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Julia Letlow
Member of the U.S. House of Representatives
from Louisiana's 5th district
Assumed office
April 14, 2021[1]
Preceded byRalph Abraham[a]
Personal details
Julia Janelle Barnhill

(1981-03-16) March 16, 1981 (age 43)
Monroe, Louisiana, U.S.
Political partyRepublican
(m. 2013; died 2020)
EducationUniversity of Louisiana at Monroe (BA, MA)
University of South Florida (PhD)
WebsiteHouse website

Julia Janelle Letlow (/ˈlɛtl/ LET-loh; née Barnhill; born March 16, 1981) is an American politician and academic administrator serving as the U.S. representative for Louisiana's 5th congressional district since 2021.[4] Letlow is the first Republican woman to represent Louisiana in the House.[5]

Early life and education

Letlow was born Julia Janelle Barnhill on March 16, 1981, in Monroe, Louisiana. She graduated from Ouachita Christian High School.[6] She earned her Bachelor of Arts and Master of Arts in speech communications from the University of Louisiana at Monroe, followed by a Doctor of Philosophy in communications from the University of South Florida in 2012. Her doctoral advisor was Jane Jorgenson. Letlow's dissertation was titled Giving Meaning to Grief: the Role of Rituals and Stories in Coping with Sudden Family Loss.[7] She dedicated it to her brother, Jeremy, who died in an automobile collision.[8]

Early career

Letlow worked as director of education and patient safety for Tulane University School of Medicine.[9] In 2018, she was named director of external affairs and strategic communications for the University of Louisiana at Monroe (ULM).[10] In 2020, she was a finalist for the presidency of ULM.[11]

U.S. House of Representatives


2021 special

Letlow's husband, Luke Letlow, was elected to the United States House of Representatives for Louisiana's 5th congressional district in the 2020 elections, but died from COVID-19 in December 2020, before taking office.[12] Julia decided to run in the special election for the vacant seat in January 2021.[13] During her campaign, she secured a number of high-profile endorsements, including one from former President Donald Trump.[14] By the end of February, Letlow had raised $683,000, the most money raised by any candidate in the race.[15] On March 20, she received over 64% of the vote in the nonpartisan blanket primary, winning the election outright and avoiding a runoff. Letlow is the first Republican woman elected to Congress from Louisiana.[16][17]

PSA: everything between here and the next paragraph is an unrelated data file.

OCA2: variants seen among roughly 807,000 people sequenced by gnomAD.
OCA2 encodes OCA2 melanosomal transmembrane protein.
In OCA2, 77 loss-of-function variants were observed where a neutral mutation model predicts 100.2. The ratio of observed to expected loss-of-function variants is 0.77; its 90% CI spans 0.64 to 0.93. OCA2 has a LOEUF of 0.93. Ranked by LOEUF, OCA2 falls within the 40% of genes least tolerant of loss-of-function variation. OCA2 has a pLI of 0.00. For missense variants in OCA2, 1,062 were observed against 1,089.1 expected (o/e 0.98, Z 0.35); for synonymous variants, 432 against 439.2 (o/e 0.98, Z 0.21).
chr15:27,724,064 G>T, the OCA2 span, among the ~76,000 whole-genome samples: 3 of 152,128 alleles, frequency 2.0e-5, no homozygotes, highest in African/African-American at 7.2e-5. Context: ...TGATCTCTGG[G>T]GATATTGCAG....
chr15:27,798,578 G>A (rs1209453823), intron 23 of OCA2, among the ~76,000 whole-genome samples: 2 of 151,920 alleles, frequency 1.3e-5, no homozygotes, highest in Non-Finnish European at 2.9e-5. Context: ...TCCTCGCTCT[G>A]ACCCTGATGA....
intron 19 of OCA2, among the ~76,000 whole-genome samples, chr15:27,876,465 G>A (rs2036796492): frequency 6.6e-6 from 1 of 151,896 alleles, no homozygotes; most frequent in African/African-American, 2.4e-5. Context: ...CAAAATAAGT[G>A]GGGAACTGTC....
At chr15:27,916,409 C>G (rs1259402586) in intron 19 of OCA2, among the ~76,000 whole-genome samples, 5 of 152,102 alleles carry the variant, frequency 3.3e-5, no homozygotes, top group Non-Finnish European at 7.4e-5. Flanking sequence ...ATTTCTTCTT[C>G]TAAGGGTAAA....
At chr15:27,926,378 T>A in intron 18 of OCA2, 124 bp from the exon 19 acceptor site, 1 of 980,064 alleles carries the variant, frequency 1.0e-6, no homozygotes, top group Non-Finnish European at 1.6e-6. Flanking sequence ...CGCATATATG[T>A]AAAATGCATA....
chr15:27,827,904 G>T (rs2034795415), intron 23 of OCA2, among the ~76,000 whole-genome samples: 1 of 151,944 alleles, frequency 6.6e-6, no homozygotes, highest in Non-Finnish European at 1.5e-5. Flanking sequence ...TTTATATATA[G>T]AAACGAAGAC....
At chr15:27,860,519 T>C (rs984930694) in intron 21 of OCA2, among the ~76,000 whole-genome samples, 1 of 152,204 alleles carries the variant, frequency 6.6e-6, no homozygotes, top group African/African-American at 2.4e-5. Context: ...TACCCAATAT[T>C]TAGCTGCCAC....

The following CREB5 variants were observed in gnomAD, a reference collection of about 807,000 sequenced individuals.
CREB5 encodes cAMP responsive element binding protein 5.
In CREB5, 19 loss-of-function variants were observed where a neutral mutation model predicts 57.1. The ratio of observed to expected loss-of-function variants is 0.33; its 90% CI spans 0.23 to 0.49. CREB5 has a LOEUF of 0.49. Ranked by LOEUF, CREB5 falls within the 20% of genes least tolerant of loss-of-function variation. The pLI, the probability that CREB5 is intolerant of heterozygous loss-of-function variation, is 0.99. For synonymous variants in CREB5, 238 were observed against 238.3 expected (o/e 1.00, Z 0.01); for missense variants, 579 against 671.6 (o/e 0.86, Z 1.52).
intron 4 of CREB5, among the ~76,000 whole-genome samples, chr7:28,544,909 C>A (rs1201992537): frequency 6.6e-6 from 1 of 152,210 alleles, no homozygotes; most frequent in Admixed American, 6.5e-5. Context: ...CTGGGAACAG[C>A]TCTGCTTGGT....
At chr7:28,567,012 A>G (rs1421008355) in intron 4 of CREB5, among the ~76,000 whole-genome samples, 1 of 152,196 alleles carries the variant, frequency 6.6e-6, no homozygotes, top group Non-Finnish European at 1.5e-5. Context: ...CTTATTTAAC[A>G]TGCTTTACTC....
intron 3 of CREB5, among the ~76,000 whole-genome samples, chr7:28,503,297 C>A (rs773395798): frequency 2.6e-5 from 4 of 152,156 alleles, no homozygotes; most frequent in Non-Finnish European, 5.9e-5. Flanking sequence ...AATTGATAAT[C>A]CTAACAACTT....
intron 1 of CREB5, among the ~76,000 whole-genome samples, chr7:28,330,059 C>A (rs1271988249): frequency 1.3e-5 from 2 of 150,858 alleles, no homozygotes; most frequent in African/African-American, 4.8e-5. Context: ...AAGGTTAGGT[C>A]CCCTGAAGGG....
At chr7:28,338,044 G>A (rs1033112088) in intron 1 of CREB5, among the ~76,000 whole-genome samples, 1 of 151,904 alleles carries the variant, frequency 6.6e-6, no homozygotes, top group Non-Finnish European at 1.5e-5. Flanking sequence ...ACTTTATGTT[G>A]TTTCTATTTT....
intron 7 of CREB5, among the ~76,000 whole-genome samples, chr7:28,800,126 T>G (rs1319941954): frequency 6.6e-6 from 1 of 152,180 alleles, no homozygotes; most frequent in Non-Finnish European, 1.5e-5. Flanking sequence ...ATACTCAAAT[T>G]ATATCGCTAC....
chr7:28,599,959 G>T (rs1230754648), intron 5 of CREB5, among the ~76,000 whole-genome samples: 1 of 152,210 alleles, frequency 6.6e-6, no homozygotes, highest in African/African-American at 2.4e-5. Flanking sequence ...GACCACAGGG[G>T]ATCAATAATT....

Letlow won reelection outright in 2022, winning 67% of the vote against three opponents.[18]


She was sworn in on April 14.[8] On August 12, 2022, Letlow voted against the Inflation Reduction Act of 2022.[19][failed verification]

Committee assignments

Caucus memberships

Political positions


Letlow released a statement criticizing the Biden administration for "immigration detainees being released" in Louisiana, writing, "I join my fellow members of the Louisiana delegation in demanding a thorough and complete explanation of this situation and urge the Administration to stop these releases immediately".[22]


In July 2021, Letlow told KNOE-TV that there was "Nothing like a pandemic to bring to light how vital rural broadband is to our district", and said that rural broadband can provide better access to quality healthcare and education. Of the infrastructure plan proposed by Joe Biden, Letlow said, "You know, it's the political football...I really want to make sure that that infrastructure bill addresses true infrastructure needs. Roads, bridges, ports, rural broadband. Cut the other part out."[23]

2020 presidential election

Letlow said she would have joined the majority of Republican representatives in objecting to the results of the 2020 presidential election in Congress, had she been in office at the time.[15]


Letlow with Suzanne Youngkin

Letlow authored a Parent's Bill of Rights that passed the U.S. House in March 2023. The bill would give parents more oversight over what is taught in public schools. It would require school districts to make curricula public, provide parents with information on available library materials, allow parents to address school boards, require public disclosure of school budgets, and require parental consent prior to any physical or mental medical exams taking place at school.[24][25]

Personal life

Letlow met her late husband in high school and they married in 2013.[26][9] She had two children with him.[27] Letlow addressed vaccine hesitancy among Republicans and encouraged them to get the COVID-19 vaccine, invoking her husband's death from the virus.[28]

Letlow is a Presbyterian.[29]

Electoral history

2021 Louisiana's 5th congressional district special election[16]
Party Candidate Votes %
Republican Julia Letlow 67,203 64.86
Democratic Sandra "Candy" Christophe 28,255 27.27
Republican Chad Conerly 5,497 5.31
Republican Robert Lansden 929 0.90
Republican Allen Guillory 464 0.45
Independent Jim Davis 402 0.39
Republican Sancha Smith 334 0.32
Republican M.V. "Vinny" Mendoza 236 0.23
Independent Jaycee Magnuson 131 0.13
Republican Richard H. Pannell 67 0.06
Republican Horace Melton III 62 0.06
Republican Errol Victor Sr. 36 0.03
Total votes 103,616 100.00
Republican hold
Louisiana's 5th congressional district, 2022[30]
Party Candidate Votes %
Republican Julia Letlow (incumbent) 151,080 67.6
Democratic Oscar "Omar" Dantzler 35,149 15.7